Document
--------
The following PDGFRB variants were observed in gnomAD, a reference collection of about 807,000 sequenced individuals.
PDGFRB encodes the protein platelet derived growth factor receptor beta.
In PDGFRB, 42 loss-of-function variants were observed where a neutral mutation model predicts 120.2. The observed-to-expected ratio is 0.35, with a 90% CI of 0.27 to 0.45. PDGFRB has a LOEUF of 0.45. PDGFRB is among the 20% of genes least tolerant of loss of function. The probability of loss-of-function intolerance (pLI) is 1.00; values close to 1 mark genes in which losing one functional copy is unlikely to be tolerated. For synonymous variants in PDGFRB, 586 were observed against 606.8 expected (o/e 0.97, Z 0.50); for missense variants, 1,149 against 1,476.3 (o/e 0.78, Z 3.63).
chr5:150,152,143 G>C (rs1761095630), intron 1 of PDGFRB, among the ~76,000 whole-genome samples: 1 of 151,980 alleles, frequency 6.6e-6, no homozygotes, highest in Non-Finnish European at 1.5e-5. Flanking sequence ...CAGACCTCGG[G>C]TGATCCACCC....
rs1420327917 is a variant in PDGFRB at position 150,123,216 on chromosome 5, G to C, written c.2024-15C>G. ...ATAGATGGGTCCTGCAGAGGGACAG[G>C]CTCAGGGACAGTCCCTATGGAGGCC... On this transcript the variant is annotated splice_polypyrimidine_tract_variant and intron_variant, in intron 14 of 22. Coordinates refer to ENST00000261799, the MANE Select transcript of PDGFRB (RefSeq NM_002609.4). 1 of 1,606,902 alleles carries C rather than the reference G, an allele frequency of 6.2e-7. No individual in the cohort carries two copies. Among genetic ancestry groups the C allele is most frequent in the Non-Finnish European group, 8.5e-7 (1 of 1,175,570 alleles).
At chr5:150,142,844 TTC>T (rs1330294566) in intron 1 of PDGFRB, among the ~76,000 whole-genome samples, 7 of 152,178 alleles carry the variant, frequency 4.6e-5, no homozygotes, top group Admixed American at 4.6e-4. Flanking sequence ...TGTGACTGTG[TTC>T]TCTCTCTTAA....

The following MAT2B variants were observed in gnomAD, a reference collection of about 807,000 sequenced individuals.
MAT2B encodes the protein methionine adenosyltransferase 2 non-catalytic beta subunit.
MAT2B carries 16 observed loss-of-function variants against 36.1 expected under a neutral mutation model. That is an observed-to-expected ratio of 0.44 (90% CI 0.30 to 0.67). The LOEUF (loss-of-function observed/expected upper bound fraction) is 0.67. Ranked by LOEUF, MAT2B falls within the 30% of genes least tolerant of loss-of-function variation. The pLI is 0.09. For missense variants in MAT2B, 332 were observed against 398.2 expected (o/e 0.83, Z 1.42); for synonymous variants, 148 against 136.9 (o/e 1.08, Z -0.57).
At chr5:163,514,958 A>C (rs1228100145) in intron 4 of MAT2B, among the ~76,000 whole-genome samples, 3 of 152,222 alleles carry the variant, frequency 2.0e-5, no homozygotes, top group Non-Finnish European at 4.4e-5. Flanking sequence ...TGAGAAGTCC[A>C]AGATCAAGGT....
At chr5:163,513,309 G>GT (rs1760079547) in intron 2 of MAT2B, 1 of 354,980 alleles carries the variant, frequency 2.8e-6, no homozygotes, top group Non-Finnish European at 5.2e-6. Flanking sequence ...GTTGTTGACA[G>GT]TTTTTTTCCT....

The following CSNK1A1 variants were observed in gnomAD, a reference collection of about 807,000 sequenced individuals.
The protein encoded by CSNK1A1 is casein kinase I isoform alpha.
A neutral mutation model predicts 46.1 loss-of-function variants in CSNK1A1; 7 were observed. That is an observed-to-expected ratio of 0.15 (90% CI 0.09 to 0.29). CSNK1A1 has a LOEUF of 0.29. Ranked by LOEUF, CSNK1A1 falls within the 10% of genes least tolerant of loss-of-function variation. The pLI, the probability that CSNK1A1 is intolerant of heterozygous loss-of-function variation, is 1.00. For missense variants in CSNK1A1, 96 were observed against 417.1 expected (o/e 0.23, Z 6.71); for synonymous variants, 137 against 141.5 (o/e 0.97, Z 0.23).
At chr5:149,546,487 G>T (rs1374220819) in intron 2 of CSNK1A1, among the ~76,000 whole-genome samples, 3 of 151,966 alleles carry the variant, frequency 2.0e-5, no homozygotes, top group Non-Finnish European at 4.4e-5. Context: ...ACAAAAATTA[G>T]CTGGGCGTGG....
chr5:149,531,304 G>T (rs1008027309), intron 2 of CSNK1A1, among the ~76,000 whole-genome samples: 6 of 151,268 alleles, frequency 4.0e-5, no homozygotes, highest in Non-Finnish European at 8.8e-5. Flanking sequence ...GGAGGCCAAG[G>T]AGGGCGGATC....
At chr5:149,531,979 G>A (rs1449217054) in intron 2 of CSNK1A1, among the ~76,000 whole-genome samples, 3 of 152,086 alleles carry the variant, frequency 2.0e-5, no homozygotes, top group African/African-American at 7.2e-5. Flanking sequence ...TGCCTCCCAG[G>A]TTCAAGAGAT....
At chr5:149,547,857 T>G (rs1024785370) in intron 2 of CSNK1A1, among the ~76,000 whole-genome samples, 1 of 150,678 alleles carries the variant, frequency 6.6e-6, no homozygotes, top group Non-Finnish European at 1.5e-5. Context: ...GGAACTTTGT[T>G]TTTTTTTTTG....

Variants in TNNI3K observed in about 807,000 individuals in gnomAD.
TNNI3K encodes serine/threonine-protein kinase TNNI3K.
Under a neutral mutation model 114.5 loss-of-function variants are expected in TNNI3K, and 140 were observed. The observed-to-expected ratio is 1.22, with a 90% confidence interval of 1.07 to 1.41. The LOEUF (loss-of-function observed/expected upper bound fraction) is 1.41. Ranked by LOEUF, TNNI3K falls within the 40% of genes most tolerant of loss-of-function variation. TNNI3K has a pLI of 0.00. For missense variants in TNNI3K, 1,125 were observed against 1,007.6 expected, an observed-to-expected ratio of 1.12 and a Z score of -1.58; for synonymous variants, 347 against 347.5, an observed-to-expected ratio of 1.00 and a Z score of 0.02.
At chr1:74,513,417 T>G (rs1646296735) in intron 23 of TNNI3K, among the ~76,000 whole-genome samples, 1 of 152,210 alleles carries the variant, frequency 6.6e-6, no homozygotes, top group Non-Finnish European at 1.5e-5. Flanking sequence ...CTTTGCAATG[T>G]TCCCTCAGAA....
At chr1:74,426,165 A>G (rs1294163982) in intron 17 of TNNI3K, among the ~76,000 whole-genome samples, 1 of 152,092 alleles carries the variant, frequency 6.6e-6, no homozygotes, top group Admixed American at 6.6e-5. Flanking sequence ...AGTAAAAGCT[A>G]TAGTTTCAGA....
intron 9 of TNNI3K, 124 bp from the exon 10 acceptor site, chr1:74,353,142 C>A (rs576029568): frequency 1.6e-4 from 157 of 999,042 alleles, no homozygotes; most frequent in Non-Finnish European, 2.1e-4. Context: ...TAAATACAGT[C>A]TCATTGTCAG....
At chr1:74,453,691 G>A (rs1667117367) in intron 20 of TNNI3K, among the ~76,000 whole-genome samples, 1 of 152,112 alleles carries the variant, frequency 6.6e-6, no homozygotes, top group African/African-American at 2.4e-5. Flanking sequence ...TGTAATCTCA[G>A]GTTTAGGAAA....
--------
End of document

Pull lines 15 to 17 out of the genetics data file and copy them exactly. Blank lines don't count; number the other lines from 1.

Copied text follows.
At chr5:149,546,487 G>T (rs1374220819) in intron 2 of CSNK1A1, among the ~76,000 whole-genome samples, 3 of 151,966 alleles carry the variant, frequency 2.0e-5, no homozygotes, top group Non-Finnish European at 4.4e-5. Context: ...ACAAAAATTA[G>T]CTGGGCGTGG....
chr5:149,531,304 G>T (rs1008027309), intron 2 of CSNK1A1, among the ~76,000 whole-genome samples: 6 of 151,268 alleles, frequency 4.0e-5, no homozygotes, highest in Non-Finnish European at 8.8e-5. Flanking sequence ...GGAGGCCAAG[G>T]AGGGCGGATC....
At chr5:149,531,979 G>A (rs1449217054) in intron 2 of CSNK1A1, among the ~76,000 whole-genome samples, 3 of 152,086 alleles carry the variant, frequency 2.0e-5, no homozygotes, top group African/African-American at 7.2e-5. Flanking sequence ...TGCCTCCCAG[G>A]TTCAAGAGAT....